Drifter’s Wife opened last year to immediate, and almost exclusively jubilant praise. A wine bar in the Maine and Loire wine shop on Washington Ave., the concept stuck me as interesting, if a little confusing at first. I held off on a visit as the list of restaurants I must go to occasionally becomes unmanageable and even some of the best get put off until later. Add to that a menu which changes daily and doesn’t always have something that piques my interest or my wife’s.
With my main squeeze out of town on business again, it was a little easier to make sure the menu options suited only my tastes instead of having to conform to both of ours. I took a quick peek online as the daily offerings are always posted sometime around when they open. It looked like there would be enough to satisfy my hunger without having to go too far out of my comfort zone, so I headed over with high expectations and knew I had arrived when I saw a large sign which read “WINE” overhead.
Upon entering, I was greeted by one of the owners who was waiting on another customer. Once he was done taking their order, he approached me and approved my request to sit at the small bar. As I sat, the bartender, also with other customers, physically acknowledged me, and moments later provided water and offered drinks and food. I told him I was going to be ordering both and he obliged with the relatively extensive drink menu which focused on vino and the short food list.
I was looking for a wine along the lines of my beloved shiraz. The four reds they offered were a little lighter than that, but the bartender recommended the S. Bellotti “Semplicemente”. I tried a sip and found, as the bartender had suggested, that the Italian grape joy juice was a little more floral than I was used to for a red. I still found it enjoyable though and decided to stick with a glass of that.
Even though I had definite thoughts about what I wanted for food based upon my online search, I had the bartender review the menu with me and then took a minute or two to make my final decisions. I actually did change my mind and ended up with Night Moves Sourdough – butter, sea salt; Savoy Cabbage – willoughby, bread crumbs; and Cod – fingerlings, king trumpet mushrooms, whelk butter.
The food came out as it was ready, starting with the bread. Made by a local, one-person operation, the slightly dark loaf was porous inside and crusty on the exterior. My four slices were accompanied by sea salted butter. I tried a bite, thinking that the $6 order of bread better be good for something many restaurants offer as complimentary. Indeed it was. Simple, yet pleasing in both taste and texture, it was a little different than anything I’d had, at least recently. I enjoyed it, and there was plenty to consume.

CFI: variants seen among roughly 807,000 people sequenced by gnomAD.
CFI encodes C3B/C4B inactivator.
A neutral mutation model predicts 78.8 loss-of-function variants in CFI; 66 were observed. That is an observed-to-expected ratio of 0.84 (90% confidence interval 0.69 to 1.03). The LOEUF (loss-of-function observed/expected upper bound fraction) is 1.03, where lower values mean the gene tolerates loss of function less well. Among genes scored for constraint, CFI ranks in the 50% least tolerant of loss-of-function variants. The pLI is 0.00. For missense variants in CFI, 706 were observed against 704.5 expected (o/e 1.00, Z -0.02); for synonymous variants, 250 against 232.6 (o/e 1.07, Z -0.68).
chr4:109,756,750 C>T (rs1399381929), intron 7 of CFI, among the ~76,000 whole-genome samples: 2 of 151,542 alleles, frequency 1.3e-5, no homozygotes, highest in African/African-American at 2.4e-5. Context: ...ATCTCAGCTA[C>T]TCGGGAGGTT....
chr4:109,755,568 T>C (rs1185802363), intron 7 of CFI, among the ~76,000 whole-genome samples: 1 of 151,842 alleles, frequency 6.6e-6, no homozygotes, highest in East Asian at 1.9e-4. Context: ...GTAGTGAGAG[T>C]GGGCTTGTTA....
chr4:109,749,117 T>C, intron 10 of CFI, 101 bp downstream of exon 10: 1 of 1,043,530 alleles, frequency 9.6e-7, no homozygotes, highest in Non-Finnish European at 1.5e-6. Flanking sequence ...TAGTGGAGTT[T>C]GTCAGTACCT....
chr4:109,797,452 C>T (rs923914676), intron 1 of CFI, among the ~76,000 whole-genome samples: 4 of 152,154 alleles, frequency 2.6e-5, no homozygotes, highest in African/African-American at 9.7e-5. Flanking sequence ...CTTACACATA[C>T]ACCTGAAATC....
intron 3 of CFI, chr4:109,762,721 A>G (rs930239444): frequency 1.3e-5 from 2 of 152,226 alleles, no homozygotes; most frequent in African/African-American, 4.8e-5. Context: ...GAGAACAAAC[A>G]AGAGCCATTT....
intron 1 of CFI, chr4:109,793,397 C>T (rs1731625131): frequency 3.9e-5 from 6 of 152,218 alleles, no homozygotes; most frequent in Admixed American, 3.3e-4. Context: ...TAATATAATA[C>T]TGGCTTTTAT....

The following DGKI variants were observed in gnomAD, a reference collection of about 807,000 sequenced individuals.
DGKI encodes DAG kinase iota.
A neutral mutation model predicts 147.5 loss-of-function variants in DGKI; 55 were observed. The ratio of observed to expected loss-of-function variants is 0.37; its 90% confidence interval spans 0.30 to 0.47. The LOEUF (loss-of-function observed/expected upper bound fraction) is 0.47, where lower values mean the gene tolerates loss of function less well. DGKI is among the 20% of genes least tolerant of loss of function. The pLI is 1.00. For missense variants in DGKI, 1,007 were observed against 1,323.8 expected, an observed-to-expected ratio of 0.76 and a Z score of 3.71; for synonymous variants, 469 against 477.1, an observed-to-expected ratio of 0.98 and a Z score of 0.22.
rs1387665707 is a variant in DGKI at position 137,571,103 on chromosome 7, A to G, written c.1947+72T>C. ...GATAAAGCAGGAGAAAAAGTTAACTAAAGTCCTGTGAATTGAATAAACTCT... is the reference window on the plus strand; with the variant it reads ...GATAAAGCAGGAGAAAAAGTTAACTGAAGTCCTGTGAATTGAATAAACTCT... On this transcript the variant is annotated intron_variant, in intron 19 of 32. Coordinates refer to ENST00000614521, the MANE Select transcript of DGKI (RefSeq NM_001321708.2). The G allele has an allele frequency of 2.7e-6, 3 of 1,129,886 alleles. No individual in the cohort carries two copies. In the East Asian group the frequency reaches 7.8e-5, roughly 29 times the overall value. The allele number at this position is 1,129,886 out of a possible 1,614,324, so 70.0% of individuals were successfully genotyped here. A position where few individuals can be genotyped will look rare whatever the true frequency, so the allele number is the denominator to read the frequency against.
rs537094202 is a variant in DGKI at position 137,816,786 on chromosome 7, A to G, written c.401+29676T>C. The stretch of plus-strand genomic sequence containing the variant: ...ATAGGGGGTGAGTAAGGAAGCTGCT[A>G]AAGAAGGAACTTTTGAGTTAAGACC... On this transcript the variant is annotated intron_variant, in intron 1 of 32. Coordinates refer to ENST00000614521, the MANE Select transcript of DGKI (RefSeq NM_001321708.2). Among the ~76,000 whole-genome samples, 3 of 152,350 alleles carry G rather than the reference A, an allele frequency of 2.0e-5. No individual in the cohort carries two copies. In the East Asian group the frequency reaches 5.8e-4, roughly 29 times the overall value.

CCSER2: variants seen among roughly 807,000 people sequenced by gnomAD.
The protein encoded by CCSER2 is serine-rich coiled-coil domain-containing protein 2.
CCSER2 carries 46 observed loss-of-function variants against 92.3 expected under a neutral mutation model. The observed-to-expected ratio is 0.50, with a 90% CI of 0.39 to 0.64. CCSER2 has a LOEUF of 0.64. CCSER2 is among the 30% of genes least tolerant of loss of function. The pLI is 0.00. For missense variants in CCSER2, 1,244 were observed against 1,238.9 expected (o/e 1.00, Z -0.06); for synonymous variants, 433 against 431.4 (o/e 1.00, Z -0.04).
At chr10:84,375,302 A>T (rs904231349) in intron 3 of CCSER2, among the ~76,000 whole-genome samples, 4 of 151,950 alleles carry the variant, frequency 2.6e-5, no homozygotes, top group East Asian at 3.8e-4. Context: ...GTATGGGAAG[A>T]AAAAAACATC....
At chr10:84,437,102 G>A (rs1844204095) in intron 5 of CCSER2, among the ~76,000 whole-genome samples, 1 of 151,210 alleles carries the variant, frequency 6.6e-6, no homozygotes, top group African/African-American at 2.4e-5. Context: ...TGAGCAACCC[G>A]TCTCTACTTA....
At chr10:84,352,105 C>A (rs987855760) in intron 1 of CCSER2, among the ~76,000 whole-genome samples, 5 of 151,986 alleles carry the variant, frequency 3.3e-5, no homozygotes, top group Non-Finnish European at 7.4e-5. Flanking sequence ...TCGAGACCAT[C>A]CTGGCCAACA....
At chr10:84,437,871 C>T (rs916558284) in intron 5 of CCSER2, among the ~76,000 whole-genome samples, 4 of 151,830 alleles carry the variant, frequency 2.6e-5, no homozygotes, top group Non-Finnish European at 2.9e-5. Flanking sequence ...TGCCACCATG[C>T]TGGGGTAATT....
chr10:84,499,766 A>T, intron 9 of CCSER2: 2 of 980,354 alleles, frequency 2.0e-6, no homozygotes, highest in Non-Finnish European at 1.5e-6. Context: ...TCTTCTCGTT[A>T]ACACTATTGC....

About half way through the bread, my cabbage arrived. It was topped by the soft Willoughby cheese, caramelized onions, and very fine crumbs. It was also lightly doused in a vinaigrette. I sliced a bite and was thrilled. I love cabbage, but this was cabbage bursting out of it’s crunchy shell. The soft veg and cheese combined quite well, but the vinaigrette made it all so much better giving the dish the aura of a salad while still maintaining the sensation of cabbage and cheese simplicity.
Once my cabbage was done, I went back and finished my sourdough. Then it took a few before I was presented with the cod. That was okay, because I was moving quickly through my meal and not in a huge rush. When I did receive the fish, it was topped with the whelk butter and partially hiding the taters and shrooms underneath.
My first bite of cod proved to be a winner. It was perfectly cooked- seared on the outside and easily flaked. The slightly salty, buttery fish was excellent. With a bit of the whelk butter, it was even better. Whelk refers to various types of marine mollusks/snails and the butter made with them reinforced the theme of the dish. The mushrooms and potatoes also benefited from it’s outstanding flavor.
The more I ate, the more I liked it, realizing that while I don’t always swoon over cod, this was certainly the best I ever had and I did love it. The main course was not too heavy, leaving room for me to continue fitting in my clothes, even if I didn’t have space for dessert. I wrapped it up, finishing everything I had. I considered checking out the wine shop, but figured I’d do that on my next visit.
After tip, my tab came to $67. My meal wasn’t cheap, so I probably couldn’t afford to go there on a regular basis, but next time I do, I’ll be sure to bring other people and take my time. Drifter’s Wife lived up to the hype. Chef Ben Jackson works the small kitchen next to the bar with deft and precision and the food clearly reflects that. Perfectly prepared, fresh food and plenty of wine is what you’ll find there and with a new menu every day, he’s challenged to come up with clever culinary interpretations to keep things interesting. And he does it very well.
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